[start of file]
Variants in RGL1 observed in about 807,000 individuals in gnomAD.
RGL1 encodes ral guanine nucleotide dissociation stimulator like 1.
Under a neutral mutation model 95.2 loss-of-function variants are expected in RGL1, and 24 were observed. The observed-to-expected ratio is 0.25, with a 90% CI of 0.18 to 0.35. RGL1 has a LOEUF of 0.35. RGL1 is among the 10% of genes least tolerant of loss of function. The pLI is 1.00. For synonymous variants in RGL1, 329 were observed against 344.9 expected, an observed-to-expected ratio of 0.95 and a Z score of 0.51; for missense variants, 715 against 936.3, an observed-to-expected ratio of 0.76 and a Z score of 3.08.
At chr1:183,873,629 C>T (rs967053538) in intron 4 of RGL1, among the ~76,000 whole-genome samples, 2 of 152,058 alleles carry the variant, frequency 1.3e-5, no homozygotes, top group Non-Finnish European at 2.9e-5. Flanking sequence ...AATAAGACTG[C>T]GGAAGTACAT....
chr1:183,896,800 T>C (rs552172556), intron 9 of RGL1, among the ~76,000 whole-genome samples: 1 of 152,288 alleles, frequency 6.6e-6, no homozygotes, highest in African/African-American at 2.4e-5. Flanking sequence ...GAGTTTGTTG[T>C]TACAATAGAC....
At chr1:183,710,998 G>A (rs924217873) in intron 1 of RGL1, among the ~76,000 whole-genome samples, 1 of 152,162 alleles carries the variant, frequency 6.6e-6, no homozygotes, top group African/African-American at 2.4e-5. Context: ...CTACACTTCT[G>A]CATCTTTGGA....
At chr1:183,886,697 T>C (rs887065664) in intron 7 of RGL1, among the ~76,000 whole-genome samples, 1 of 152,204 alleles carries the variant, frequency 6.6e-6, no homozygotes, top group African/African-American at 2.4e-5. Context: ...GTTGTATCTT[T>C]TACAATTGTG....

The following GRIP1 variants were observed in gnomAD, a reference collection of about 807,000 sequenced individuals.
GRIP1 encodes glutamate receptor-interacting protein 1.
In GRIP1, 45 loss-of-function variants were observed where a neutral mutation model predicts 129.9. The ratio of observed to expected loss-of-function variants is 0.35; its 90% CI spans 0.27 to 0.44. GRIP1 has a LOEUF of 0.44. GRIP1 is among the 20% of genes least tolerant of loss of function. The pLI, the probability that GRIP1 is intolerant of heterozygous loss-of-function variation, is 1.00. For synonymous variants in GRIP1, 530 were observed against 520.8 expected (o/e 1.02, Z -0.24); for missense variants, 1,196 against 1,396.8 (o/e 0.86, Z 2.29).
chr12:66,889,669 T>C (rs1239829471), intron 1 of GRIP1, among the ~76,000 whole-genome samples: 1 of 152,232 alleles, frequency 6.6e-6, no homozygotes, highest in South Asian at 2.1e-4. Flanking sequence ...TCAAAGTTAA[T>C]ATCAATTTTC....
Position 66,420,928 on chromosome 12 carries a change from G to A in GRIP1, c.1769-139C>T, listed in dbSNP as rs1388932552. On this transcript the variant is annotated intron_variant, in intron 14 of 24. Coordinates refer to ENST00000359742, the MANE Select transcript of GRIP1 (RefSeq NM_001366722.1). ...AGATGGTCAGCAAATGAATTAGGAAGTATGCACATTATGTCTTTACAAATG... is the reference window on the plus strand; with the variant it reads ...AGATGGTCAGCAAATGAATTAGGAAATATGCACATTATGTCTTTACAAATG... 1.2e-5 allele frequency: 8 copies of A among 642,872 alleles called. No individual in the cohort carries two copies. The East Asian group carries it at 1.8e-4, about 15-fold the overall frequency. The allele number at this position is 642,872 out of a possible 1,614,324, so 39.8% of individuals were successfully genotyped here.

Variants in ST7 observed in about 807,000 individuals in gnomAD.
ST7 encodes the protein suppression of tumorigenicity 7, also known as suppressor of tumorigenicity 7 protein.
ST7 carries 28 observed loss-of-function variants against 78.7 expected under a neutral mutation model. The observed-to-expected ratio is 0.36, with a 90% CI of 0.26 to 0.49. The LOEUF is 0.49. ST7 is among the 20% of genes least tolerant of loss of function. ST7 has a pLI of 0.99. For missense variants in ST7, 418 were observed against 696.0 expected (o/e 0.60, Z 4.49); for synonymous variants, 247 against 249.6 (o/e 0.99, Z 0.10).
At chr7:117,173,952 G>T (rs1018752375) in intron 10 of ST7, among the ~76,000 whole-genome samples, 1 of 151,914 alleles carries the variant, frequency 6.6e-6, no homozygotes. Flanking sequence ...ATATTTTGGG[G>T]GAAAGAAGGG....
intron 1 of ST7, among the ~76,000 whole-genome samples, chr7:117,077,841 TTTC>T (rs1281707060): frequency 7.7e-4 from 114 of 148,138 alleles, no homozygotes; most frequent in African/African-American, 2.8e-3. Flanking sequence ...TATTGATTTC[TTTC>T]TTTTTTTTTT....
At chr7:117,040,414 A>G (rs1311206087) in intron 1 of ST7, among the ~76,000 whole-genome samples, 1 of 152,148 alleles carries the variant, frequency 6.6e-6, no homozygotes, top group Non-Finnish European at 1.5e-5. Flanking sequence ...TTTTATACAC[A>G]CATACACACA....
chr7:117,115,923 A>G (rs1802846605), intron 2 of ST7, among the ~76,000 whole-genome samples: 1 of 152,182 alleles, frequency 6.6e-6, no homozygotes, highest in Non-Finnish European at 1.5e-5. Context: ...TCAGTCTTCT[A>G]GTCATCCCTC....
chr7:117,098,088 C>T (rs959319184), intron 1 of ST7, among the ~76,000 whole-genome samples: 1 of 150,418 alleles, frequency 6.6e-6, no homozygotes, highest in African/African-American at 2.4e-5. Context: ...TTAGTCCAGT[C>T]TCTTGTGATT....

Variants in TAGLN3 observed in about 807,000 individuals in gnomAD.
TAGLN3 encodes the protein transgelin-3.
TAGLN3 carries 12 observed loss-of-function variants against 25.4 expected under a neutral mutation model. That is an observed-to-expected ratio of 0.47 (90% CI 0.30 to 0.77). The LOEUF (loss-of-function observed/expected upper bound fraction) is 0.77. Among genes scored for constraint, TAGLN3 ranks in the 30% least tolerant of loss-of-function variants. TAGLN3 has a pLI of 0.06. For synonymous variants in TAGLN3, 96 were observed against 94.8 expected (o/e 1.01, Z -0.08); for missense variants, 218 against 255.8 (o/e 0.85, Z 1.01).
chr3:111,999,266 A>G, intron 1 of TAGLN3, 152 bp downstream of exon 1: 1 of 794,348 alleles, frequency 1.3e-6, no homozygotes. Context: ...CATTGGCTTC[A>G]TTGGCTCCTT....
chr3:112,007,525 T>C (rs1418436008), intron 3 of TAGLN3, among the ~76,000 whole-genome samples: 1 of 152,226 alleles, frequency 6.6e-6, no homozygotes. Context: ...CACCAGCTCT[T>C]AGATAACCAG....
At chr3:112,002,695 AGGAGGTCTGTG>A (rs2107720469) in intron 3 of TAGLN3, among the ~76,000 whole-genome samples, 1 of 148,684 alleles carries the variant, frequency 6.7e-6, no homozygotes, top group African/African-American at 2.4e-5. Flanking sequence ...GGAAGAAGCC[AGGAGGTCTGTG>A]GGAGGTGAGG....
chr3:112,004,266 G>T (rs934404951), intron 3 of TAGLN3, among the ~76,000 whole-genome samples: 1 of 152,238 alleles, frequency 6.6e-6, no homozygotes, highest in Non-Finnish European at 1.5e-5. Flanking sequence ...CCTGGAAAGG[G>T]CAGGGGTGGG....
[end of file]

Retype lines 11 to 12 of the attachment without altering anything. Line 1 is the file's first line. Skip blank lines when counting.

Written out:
chr12:66,889,669 T>C (rs1239829471), intron 1 of GRIP1, among the ~76,000 whole-genome samples: 1 of 152,232 alleles, frequency 6.6e-6, no homozygotes, highest in South Asian at 2.1e-4. Flanking sequence ...TCAAAGTTAA[T>C]ATCAATTTTC....
Position 66,420,928 on chromosome 12 carries a change from G to A in GRIP1, c.1769-139C>T, listed in dbSNP as rs1388932552. On this transcript the variant is annotated intron_variant, in intron 14 of 24. Coordinates refer to ENST00000359742, the MANE Select transcript of GRIP1 (RefSeq NM_001366722.1). ...AGATGGTCAGCAAATGAATTAGGAAGTATGCACATTATGTCTTTACAAATG... is the reference window on the plus strand; with the variant it reads ...AGATGGTCAGCAAATGAATTAGGAAATATGCACATTATGTCTTTACAAATG... 1.2e-5 allele frequency: 8 copies of A among 642,872 alleles called. No individual in the cohort carries two copies. The East Asian group carries it at 1.8e-4, about 15-fold the overall frequency. The allele number at this position is 642,872 out of a possible 1,614,324, so 39.8% of individuals were successfully genotyped here.